Barack Obama "prefers" it. Nancy Pelosi is willing to consider it. The AARP, organised labour, and progressive Democrats in and out of elected office are entirely opposed.
It is "Chained CPI", the new favourite bit of jargon being tossed around in very serious policy circles as a possible bargaining chip in a budget Grand Bargain. The consumer price index (CPI) is a measure of inflation that is used to calculate cost-of-living-increases for programmes like Social Security. The "chained CPI" is a different method of calculation that presumes that when the price of one product goes up, people will simply buy something cheaper. Using this formula to calculate Social Security, veterans' benefits, and other programmes (including, for instance, Pell grants that help lower-income students afford college) would amount to a cut in benefits.
Republicans and many Democrats - including, apparently, the President - want to do it. They want to establish the wildly popular New Deal social safety net as part of the problem and they want to cut it. And this little scheme sounds enough like not cutting benefits that the objective press is able to pretend that it is just a technocratic adjustment, really, instead of what it is. (It is also a stealth tax increase.)
Yet Obama's economic adviser Gene Sperling noted in a Reddit discussion last week that "protections" from the cuts would be necessary for "low-income Americans, certain veterans, and older Social Security beneficiaries". If we need to protect people from it, how is it good policy?
Chained CPI is a particularly nasty kind of politics. What it actually does is change the adjustments for cost of living according to "behaviour". As Thom Hartmann writes:
"If the price of beef goes up, and some people start eating cheaper chicken instead, then instead of measuring actual inflation (as reflected by the rising cost of meats), the Chained CPI measures the behaviour of moving from beef to cheaper chicken and lowers the cost-of-living adjustment."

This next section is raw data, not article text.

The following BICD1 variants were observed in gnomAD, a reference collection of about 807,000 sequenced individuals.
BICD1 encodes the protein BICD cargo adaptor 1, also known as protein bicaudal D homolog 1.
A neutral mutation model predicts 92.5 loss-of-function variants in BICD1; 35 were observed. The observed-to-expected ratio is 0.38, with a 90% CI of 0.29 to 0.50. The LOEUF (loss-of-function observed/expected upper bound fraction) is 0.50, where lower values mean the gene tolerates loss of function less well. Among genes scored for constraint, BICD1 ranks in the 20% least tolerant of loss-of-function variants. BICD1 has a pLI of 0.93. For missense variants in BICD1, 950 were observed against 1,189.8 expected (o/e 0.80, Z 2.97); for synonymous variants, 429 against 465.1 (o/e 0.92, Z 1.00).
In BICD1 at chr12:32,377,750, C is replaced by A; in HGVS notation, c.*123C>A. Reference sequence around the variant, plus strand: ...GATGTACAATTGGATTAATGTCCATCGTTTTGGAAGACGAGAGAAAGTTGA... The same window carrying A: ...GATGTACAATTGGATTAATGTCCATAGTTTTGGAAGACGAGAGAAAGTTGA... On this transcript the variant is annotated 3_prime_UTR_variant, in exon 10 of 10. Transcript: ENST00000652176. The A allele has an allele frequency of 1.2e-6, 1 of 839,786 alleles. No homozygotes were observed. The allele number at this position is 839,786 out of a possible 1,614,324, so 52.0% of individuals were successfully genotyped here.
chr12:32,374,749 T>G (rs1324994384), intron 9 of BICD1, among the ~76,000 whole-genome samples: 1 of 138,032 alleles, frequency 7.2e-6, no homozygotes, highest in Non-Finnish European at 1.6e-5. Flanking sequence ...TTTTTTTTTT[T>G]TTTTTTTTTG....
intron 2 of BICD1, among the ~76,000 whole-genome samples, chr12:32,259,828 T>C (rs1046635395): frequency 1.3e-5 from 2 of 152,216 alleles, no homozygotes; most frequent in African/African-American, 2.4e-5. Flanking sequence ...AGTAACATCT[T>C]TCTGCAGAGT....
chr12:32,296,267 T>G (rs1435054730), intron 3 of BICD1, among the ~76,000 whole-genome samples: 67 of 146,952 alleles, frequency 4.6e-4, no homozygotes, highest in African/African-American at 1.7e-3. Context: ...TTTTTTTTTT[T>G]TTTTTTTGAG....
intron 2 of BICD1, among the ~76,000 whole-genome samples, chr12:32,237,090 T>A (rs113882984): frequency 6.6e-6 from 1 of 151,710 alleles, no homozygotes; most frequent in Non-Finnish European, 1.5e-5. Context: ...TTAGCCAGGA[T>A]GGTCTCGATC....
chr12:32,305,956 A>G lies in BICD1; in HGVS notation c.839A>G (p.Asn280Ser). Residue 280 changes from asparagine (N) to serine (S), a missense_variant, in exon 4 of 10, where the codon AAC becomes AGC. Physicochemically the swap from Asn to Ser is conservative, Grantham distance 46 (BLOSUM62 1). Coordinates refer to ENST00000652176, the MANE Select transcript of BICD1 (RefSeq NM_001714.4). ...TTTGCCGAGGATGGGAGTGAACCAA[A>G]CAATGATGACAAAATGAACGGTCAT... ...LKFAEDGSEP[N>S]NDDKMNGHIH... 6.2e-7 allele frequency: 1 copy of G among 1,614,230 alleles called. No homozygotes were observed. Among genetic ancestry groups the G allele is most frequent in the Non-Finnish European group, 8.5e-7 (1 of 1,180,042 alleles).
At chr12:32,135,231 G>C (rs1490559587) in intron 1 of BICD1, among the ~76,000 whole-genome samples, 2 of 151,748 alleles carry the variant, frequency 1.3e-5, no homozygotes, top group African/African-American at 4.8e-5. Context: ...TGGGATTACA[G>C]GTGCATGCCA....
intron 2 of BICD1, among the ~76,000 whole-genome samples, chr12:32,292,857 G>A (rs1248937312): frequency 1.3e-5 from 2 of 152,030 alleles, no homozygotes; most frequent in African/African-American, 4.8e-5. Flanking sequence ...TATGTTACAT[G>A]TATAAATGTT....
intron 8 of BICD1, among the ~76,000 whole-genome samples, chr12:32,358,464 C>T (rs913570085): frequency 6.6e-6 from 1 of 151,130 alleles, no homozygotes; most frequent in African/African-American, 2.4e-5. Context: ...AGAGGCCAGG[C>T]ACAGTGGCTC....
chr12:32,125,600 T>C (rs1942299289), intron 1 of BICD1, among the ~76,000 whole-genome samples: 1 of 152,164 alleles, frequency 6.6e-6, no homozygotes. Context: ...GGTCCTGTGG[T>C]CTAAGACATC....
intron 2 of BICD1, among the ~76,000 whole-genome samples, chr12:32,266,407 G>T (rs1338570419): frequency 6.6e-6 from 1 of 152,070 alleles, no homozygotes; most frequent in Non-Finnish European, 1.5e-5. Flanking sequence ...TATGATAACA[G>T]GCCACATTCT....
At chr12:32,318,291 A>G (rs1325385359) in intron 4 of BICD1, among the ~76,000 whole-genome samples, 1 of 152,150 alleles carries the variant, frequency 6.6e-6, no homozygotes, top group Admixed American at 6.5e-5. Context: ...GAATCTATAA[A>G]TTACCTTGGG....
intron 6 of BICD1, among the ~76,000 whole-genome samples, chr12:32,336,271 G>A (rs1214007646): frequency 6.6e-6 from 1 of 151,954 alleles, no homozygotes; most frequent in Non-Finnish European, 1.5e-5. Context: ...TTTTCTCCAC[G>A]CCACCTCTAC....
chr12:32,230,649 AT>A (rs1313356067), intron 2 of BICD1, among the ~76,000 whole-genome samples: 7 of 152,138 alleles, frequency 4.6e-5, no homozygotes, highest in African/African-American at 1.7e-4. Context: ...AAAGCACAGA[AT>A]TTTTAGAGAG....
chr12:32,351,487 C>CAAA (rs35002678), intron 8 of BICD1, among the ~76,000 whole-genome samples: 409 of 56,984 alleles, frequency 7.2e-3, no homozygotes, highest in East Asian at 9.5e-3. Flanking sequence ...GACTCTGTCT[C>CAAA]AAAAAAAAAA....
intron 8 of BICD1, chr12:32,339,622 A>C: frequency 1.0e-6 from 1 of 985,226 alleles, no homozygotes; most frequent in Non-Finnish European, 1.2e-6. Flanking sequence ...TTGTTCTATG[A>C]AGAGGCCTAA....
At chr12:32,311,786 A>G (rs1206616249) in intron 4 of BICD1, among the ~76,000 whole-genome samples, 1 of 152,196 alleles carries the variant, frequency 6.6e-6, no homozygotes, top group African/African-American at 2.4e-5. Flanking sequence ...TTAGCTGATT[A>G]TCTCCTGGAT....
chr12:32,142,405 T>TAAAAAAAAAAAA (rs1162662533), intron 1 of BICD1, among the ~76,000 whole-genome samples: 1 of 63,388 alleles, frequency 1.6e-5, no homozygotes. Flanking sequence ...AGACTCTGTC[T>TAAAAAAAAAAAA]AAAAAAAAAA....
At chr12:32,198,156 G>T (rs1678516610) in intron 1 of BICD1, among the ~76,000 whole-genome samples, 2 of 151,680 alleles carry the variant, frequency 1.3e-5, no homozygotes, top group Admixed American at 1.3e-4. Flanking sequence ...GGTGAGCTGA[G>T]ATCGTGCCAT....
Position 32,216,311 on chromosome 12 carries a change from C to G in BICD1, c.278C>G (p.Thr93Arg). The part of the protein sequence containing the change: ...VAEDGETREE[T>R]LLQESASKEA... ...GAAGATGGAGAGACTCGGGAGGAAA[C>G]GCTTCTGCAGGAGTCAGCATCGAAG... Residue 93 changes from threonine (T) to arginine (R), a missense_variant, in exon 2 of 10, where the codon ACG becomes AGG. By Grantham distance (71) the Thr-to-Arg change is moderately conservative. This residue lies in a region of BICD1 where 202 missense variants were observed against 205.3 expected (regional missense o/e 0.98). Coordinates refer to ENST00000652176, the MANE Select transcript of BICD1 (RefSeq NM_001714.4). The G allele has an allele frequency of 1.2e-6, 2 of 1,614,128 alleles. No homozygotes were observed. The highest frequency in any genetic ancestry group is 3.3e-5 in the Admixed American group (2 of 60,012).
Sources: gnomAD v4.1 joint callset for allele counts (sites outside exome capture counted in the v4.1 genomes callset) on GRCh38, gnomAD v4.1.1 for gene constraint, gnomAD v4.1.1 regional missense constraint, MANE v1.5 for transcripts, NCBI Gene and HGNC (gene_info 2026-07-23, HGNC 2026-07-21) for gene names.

In other words, screw what you want to eat, what you like. You're buying the cheap stuff.
This is tied to a particular kind of personal austerity politics that the Right loves and too many liberals accept, a kind of asceticism that they push on the elderly and lower-income people in a convoluted way rather than just straight-up cutting their monthly allowance. And yet it is a trap - if you adjust to the cheap stuff, you get your benefits cut, so then you have to adjust more to cheaper stuff, and then they cut you again. The cuts aggregate, meaning people who rely on Social Security longer (more women, for instance) get hit harder.
Of course the obvious next question is, what if people do not want to eat chicken instead of beef? What if grandma wants a steak? We are supposed to assume that desire is simply off the table; for people living on government programmes, you forfeit your right to prefer the tastier food, the pleasure of a well-cooked steak or fresh vegetables from the farm stand, or god forbid a night out at the neighbourhood restaurant. Nope, subsistence level is good enough for you! You want that steak, you should have planned ahead and saved for your retirement!
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Desire is for the wealthy, this line of thinking goes. The rest of us only get to want as long as we have earned it, as long as our sweat and blood stain every dollar we spend on oysters or steaks or heirloom tomatoes or wine. The poor do not get to want nice things - if they have nice things, they are not really poor, and they must be cheating us out of our hard-earned money. The poor should be like Fantine from this winter's film adaptation of Les Miserables, selling everything they have, even their teeth and hair, to prove their desperation before they are worthy of the bare minimum. Just buy the chicken. Look grateful.